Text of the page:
National Geographic : 1969 Dec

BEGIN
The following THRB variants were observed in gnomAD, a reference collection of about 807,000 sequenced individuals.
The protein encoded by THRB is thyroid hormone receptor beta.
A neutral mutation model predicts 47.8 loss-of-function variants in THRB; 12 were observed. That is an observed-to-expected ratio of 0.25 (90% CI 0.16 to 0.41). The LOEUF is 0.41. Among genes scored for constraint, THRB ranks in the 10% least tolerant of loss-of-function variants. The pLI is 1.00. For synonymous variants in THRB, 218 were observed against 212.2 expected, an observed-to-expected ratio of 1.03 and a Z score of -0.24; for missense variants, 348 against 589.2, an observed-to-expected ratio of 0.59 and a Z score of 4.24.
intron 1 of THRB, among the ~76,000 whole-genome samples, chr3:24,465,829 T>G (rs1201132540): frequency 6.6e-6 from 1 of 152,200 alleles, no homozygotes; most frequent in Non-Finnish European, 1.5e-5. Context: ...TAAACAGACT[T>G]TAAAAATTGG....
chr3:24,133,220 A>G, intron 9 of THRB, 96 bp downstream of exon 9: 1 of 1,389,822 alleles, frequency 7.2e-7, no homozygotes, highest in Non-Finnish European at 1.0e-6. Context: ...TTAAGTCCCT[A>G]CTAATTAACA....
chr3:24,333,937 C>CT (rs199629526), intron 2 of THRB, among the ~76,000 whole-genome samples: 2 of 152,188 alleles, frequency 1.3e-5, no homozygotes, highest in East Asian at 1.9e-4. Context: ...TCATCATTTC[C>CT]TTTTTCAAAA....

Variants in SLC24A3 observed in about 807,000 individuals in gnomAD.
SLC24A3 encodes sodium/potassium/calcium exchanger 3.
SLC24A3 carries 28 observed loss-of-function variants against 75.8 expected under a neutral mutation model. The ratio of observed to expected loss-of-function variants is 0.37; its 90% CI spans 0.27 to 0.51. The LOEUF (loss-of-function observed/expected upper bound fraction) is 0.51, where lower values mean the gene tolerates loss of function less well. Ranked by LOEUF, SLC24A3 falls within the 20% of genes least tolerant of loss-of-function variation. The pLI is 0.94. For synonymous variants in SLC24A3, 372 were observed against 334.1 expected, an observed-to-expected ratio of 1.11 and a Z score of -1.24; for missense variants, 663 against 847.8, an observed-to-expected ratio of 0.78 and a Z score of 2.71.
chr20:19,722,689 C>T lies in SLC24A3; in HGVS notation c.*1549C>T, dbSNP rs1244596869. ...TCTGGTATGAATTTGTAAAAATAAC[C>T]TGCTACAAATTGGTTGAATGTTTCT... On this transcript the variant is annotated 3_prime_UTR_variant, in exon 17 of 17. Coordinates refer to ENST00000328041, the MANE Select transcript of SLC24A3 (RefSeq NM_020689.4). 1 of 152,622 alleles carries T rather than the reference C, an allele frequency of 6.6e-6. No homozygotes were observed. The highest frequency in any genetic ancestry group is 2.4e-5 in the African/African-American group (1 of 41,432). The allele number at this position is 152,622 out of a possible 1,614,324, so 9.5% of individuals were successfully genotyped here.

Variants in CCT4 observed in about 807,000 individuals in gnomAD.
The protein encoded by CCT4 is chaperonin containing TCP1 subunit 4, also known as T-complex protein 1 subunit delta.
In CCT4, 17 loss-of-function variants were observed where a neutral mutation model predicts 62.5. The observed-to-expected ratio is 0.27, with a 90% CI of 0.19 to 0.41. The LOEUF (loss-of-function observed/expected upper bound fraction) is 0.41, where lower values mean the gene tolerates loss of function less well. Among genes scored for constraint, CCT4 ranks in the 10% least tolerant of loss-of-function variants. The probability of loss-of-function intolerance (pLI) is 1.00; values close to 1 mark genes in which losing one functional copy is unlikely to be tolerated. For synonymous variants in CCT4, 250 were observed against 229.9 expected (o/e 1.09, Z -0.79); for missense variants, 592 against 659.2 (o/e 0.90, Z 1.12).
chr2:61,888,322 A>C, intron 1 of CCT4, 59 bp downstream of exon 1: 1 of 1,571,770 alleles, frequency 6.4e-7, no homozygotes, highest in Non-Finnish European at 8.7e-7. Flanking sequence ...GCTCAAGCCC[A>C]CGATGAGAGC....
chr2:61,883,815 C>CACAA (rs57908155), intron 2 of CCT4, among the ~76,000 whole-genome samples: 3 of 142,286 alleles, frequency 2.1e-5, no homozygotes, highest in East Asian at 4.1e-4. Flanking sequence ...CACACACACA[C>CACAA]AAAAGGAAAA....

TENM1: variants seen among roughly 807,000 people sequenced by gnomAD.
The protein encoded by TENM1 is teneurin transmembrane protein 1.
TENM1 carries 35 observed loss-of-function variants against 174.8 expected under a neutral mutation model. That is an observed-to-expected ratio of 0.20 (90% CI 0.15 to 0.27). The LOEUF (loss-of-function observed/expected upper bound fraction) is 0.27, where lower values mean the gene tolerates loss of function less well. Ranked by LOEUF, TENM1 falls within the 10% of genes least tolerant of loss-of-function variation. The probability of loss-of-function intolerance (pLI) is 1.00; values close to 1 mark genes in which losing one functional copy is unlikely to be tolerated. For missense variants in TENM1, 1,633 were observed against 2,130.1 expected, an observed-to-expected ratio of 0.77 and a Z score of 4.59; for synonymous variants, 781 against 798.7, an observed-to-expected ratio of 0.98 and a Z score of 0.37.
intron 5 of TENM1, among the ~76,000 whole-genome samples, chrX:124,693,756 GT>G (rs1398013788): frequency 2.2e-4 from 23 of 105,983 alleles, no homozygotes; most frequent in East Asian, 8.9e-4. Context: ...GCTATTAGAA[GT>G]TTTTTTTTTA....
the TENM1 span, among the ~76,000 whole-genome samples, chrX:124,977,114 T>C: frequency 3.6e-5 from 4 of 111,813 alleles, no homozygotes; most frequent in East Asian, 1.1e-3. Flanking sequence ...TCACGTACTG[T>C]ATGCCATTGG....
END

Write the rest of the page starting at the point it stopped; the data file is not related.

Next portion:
"Tranquility Base here. The Eagle has landed." The "X" on the moon above marks the spot where, at 10:56 p.m. EDT, July 20, man first set foot on another celestial body. The historic Apollo 11 voyage of more than half a million miles began with the firing of the Boeing-built first-stage booster. The Boeing booster, the most powerful in the world, produces 7.5 million pounds of thrust. It lifted the 30-story-high moon rocket on its way to the moon. But building the first stage is only one of Boeing's major Apollo/Saturn 5 responsibilities. In all, some 10,000 Boeing people participated in the Apolloll moon-landing mission. Boeing scientists, techni cians and engineers integrate the entire Saturn 5 launch vehicle with the Apollo Close-up view of the Apollo 11 landing zone, as photographed by NASA's Boeing-built Lunar Orbiter on August 12, 1967. Five Lunar Orbiters photographed all potential Apollo landing sites and 99% of the moon's surface. command, service and lunar modules. They also support NASA during the actual launch operations, and provide technical integration and evaluation assistance on Apollo. The historic accomplish ments of the Apollo missions measure the dedication and skill of the NASA and industry people involved. Boeing is proud to be a member of this distinguished team. NASA's space program has already contributed significantly to the nation's progress in virtually every field of technology and science. It is also generating the kind of massive acceleration of learning on which ages of greatness are founded. gErf7'